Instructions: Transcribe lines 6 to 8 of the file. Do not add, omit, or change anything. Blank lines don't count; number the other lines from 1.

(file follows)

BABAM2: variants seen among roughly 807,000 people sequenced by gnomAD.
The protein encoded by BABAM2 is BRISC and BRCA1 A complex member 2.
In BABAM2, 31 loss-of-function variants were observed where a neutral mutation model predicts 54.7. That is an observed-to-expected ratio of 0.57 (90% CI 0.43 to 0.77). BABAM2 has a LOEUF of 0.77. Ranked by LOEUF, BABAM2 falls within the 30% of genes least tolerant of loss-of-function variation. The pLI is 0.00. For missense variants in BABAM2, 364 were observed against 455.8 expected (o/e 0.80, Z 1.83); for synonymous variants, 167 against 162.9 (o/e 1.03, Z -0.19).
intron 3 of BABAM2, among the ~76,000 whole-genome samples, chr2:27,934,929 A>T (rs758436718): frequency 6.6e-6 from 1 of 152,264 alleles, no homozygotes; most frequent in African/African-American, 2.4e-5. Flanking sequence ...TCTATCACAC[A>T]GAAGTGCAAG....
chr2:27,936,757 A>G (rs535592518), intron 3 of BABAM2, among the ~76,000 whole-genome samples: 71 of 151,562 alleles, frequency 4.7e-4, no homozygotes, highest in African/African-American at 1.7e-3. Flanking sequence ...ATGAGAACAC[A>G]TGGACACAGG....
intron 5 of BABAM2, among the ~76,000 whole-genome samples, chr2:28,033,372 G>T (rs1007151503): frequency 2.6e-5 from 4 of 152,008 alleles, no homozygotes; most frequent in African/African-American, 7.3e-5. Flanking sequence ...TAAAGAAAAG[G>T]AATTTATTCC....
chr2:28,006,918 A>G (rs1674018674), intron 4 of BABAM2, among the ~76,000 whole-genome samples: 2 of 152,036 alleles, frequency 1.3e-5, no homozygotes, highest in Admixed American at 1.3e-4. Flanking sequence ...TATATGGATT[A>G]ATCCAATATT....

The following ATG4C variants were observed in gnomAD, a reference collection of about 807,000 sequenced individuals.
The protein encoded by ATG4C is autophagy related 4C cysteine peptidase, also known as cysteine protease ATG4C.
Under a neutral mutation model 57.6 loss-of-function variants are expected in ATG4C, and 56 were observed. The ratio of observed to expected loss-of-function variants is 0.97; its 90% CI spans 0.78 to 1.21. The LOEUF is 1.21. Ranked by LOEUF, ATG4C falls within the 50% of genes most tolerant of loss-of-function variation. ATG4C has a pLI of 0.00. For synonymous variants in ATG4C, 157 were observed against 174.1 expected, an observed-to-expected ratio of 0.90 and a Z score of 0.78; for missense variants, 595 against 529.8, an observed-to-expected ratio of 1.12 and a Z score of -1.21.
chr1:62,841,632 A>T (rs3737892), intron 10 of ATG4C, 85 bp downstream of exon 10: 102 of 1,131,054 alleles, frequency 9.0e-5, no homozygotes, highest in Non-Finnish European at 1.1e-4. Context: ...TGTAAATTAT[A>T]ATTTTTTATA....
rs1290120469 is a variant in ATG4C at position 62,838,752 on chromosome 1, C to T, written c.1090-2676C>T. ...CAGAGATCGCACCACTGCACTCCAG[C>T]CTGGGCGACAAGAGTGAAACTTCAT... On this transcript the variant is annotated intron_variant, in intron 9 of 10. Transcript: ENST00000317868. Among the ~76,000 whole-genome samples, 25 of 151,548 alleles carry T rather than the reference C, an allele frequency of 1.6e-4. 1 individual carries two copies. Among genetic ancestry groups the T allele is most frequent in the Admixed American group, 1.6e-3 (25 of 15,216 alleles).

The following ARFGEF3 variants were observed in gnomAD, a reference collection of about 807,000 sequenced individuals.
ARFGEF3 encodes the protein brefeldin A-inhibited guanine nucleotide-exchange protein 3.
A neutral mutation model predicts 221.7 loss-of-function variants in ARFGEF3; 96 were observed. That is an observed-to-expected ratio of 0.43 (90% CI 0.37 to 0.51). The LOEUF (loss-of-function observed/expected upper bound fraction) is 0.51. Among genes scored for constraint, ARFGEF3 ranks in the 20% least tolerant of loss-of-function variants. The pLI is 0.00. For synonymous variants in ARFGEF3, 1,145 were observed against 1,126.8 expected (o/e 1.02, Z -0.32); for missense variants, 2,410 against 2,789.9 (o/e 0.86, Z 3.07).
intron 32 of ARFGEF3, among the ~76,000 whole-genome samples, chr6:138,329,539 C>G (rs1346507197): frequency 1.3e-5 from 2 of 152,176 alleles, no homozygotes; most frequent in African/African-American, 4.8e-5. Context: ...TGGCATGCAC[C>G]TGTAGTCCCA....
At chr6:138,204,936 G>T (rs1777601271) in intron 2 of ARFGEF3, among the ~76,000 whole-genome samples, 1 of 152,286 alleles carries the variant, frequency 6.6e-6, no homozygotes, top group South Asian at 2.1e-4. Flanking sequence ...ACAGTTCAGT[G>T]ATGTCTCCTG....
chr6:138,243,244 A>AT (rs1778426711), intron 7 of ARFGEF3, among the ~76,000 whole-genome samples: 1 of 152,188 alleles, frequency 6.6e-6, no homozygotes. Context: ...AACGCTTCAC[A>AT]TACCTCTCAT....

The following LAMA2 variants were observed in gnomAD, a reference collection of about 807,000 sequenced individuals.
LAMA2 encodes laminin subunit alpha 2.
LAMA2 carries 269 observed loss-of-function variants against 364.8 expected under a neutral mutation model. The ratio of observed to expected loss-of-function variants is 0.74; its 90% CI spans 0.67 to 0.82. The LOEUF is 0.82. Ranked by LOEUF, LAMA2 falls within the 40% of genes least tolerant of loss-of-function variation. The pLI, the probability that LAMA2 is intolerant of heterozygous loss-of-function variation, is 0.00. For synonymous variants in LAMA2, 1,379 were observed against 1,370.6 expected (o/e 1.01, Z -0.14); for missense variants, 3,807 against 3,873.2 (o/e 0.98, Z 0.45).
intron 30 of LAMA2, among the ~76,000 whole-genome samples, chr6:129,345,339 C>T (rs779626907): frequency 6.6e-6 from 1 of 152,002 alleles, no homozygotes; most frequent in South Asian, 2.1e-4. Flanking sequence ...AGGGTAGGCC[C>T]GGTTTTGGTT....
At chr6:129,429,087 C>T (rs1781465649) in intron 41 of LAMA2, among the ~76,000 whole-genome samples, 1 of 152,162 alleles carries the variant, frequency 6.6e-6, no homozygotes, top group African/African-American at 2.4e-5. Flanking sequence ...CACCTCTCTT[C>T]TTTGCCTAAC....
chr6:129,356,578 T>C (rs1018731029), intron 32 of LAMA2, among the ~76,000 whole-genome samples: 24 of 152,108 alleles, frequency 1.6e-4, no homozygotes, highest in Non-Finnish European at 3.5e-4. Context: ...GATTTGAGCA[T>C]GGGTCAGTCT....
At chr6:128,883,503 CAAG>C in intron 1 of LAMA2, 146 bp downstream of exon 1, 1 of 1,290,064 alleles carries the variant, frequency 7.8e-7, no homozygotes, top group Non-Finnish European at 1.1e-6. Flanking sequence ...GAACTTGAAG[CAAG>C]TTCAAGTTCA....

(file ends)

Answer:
intron 5 of BABAM2, among the ~76,000 whole-genome samples, chr2:28,033,372 G>T (rs1007151503): frequency 2.6e-5 from 4 of 152,008 alleles, no homozygotes; most frequent in African/African-American, 7.3e-5. Flanking sequence ...TAAAGAAAAG[G>T]AATTTATTCC....
chr2:28,006,918 A>G (rs1674018674), intron 4 of BABAM2, among the ~76,000 whole-genome samples: 2 of 152,036 alleles, frequency 1.3e-5, no homozygotes, highest in Admixed American at 1.3e-4. Flanking sequence ...TATATGGATT[A>G]ATCCAATATT....

The following ATG4C variants were observed in gnomAD, a reference collection of about 807,000 sequenced individuals.